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At the turn of the year

Classical CAN, CAN FD, and CAN XL

The migration from Classical CAN to CAN FD is not finished yet. Nevertheless, the next CAN-based protocol is knocking at the door: CAN XL.

The Neo e-cars are equipped with multiple CAN FD networks (Photo: Volkswagen)

CAN FD is set for the next generation of passenger cars. Volkswagen will use multiple CAN FD networks in its new Golf platform as well as in the Neo e-cars – both to be launched in 2019. Even BMW migrates to CAN FD, although the German carmaker was not that enthusiastic, when the protocol was introduced in 2013. The truck industry is also adapting CAN FD: SAE develops the J1939-22 network and application layer and the related J1939-17 physical layer. SAE J1939-17 specifies 500 kbit/s in the arbitration phase and 2 Mbit/s in the data phase. Both specifications are intended to be released in 2019.

Non-automotive applications are also migrating to CAN FD. One of the preferred standardized higher-layer protocols, CANopen, has been updated already in 2017. Several protocol stack vendors have implemented the CiA 1301 application layer and communication profile (CANopen FD). At the SPS IPC Drives 2018 tradeshow, ESD, HMS, Microcontrol, and Emsa exhibited first CANopen FD I/O modules and host controllers.

Classical CAN is still the most used CAN data link layer protocol. According to the CiA user association about 2 billion CAN nodes have been installed in 2018. This will continue in the next couple of years. Step-by-step, Classical CAN in-vehicle networks will be substituted by CAN FD networks. In conservative markets such as construction machines, rail vehicles, maritime electronics, and elevators it will take some more time to migrate to CAN FD. The editors of the CAN Newsletter Online will keep you informed.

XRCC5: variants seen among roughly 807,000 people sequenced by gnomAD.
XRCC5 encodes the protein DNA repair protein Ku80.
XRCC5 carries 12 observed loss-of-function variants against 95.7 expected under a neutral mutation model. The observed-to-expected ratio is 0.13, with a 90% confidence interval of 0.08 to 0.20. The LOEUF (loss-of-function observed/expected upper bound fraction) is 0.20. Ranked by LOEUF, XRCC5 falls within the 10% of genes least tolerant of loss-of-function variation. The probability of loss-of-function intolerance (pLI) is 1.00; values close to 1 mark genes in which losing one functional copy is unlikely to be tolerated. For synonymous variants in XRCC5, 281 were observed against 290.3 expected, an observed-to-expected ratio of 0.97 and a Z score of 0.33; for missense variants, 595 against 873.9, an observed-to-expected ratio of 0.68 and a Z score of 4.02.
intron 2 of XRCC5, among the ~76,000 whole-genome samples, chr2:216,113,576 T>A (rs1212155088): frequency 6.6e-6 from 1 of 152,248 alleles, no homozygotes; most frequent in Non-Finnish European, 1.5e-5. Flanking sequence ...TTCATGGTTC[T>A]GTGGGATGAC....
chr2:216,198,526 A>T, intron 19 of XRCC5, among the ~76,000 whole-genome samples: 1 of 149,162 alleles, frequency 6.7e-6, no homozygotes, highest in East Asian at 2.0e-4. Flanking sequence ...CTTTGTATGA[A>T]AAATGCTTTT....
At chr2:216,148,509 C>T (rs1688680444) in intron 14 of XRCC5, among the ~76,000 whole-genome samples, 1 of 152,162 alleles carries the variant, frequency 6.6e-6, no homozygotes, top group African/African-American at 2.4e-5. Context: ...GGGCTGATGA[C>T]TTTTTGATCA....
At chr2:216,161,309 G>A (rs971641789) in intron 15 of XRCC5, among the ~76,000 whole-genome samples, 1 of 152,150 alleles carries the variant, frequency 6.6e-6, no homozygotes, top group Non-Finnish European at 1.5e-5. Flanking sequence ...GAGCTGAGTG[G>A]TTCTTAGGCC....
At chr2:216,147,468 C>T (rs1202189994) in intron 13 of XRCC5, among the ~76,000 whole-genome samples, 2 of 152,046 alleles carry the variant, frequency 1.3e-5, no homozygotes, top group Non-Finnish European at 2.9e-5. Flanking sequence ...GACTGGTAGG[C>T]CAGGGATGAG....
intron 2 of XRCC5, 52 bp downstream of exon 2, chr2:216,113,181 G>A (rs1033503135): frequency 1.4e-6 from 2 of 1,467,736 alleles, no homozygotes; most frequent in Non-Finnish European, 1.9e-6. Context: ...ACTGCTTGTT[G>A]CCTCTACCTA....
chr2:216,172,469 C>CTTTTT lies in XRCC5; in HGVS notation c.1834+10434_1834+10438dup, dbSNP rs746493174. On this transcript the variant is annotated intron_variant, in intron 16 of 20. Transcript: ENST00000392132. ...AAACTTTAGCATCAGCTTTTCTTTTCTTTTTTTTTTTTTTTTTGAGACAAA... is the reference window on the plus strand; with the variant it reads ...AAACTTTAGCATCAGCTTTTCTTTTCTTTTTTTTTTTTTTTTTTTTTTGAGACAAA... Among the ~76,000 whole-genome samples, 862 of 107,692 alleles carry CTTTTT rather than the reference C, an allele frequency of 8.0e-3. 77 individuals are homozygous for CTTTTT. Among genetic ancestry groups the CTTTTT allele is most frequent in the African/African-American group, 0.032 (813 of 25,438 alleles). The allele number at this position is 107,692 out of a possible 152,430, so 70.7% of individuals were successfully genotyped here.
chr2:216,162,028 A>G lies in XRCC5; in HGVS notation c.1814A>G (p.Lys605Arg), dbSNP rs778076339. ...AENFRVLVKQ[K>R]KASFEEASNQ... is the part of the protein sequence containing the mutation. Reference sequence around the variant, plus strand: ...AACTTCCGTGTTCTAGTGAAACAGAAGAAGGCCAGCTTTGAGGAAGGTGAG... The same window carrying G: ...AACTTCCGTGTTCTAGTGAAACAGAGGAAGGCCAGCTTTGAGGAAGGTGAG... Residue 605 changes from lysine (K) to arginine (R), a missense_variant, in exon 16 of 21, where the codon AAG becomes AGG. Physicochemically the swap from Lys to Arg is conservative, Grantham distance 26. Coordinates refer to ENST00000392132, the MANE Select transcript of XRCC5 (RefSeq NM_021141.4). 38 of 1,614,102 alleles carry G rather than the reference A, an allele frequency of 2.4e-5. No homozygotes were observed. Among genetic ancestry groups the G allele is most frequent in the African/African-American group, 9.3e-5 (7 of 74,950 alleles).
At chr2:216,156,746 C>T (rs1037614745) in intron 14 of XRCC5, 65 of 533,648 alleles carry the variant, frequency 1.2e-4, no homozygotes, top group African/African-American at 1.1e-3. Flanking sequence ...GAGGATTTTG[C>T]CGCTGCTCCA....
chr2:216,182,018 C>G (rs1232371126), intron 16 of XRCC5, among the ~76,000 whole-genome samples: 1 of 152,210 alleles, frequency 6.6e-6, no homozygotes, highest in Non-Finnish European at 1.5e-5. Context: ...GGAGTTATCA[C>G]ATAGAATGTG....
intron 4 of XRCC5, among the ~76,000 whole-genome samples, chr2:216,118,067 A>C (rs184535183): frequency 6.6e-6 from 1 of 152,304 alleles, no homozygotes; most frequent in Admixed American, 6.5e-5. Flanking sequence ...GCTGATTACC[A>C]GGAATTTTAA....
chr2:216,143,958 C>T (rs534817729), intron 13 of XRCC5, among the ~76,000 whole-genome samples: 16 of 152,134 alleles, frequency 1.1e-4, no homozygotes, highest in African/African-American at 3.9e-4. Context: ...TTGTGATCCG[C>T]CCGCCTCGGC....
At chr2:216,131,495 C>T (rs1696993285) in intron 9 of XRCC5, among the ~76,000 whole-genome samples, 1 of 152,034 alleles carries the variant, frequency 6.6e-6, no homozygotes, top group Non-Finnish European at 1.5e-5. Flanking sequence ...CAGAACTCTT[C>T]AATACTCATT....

Knocking at the door

On Monday and Tuesday of this week, 35 engineers started discussing the features for the next generation of a CAN-based protocol. Initiated by Volkswagen, the experts evaluated the CAN data link layer providing extra large payloads of up to 2 KiB (2048 byte). Use cases include the connection of simple radars and eCall devices as well as TCO/IP communication. Of course, there are still some technical details to be decided, but the participants of the CiA SIG “Next generation CAN” made some progress in the inaugural two-day meeting. It was decided to support only 11-bit-priority IDs and to provide two CRC fields (one for the header and one for the frame).

Block diagram of the CAN data link layer security entity proposed by CiA (Photo: CiA)

Another hot topic in 2019 will be CAN cyber security. CiA plans to specify together with chipmakers some CAN data link layer measures. NXP has already announced a smart transceiver providing such measures. One of the features is sending of error frames, when other nodes send a data frame with an identifier, which is “owned” by this node.

Merry Christmas and a Happy New Year

We, the editors of the CAN Newsletter Online, tried to inform you about Classical CAN and CAN FD products and technology news. Of course, we will continue this also in 2019. We will also report about CAN XL and any other news related to CAN technologies. You should look also to the CAN Newsletter magazine, in which we publish technical in-depth articles and background features as well as application reports.

Our editor desks will be closed for two weeks. We will be back in the second week of 2019 hoping that you will visit our publications again. We wish you some peaceful days between the years in the circle of your family and friends.

Cindy Weissmueller, Nickel Plankermann, and Holger Zeltwanger

Publish date

CAN in Automation